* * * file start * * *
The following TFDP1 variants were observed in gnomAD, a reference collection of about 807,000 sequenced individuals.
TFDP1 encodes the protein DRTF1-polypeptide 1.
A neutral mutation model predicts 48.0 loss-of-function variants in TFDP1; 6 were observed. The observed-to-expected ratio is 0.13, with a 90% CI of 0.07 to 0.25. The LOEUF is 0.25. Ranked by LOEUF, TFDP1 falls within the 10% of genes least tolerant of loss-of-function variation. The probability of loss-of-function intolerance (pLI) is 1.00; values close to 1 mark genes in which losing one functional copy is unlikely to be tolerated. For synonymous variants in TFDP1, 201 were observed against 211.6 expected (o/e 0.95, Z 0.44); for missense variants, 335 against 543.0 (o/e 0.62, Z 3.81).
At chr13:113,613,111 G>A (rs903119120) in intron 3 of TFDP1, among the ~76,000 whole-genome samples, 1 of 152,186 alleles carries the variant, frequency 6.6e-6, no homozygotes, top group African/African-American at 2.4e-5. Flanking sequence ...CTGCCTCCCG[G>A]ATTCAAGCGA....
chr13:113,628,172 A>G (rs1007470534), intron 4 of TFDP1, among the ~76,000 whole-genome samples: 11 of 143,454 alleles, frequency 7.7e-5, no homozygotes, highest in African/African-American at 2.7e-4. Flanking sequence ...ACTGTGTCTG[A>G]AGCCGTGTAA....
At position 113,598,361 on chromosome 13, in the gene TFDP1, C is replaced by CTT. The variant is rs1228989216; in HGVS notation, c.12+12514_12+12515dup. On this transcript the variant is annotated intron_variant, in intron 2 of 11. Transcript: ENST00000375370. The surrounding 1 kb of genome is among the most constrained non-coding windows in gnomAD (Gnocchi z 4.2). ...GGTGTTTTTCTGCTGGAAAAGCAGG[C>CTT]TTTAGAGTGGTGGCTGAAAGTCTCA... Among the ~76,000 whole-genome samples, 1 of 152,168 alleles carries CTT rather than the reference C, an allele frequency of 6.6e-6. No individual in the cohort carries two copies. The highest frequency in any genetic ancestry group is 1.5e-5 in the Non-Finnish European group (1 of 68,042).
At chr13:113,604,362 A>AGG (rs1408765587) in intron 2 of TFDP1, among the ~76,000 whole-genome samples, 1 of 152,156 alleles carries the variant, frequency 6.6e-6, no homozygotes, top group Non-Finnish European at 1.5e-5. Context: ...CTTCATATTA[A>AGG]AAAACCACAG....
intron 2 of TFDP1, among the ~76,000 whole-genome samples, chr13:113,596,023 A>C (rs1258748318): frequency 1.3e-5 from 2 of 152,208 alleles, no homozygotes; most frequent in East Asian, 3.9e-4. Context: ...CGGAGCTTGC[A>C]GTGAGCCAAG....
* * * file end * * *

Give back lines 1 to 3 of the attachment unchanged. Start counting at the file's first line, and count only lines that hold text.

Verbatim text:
The following TFDP1 variants were observed in gnomAD, a reference collection of about 807,000 sequenced individuals.
TFDP1 encodes the protein DRTF1-polypeptide 1.
A neutral mutation model predicts 48.0 loss-of-function variants in TFDP1; 6 were observed. The observed-to-expected ratio is 0.13, with a 90% CI of 0.07 to 0.25. The LOEUF is 0.25. Ranked by LOEUF, TFDP1 falls within the 10% of genes least tolerant of loss-of-function variation. The probability of loss-of-function intolerance (pLI) is 1.00; values close to 1 mark genes in which losing one functional copy is unlikely to be tolerated. For synonymous variants in TFDP1, 201 were observed against 211.6 expected (o/e 0.95, Z 0.44); for missense variants, 335 against 543.0 (o/e 0.62, Z 3.81).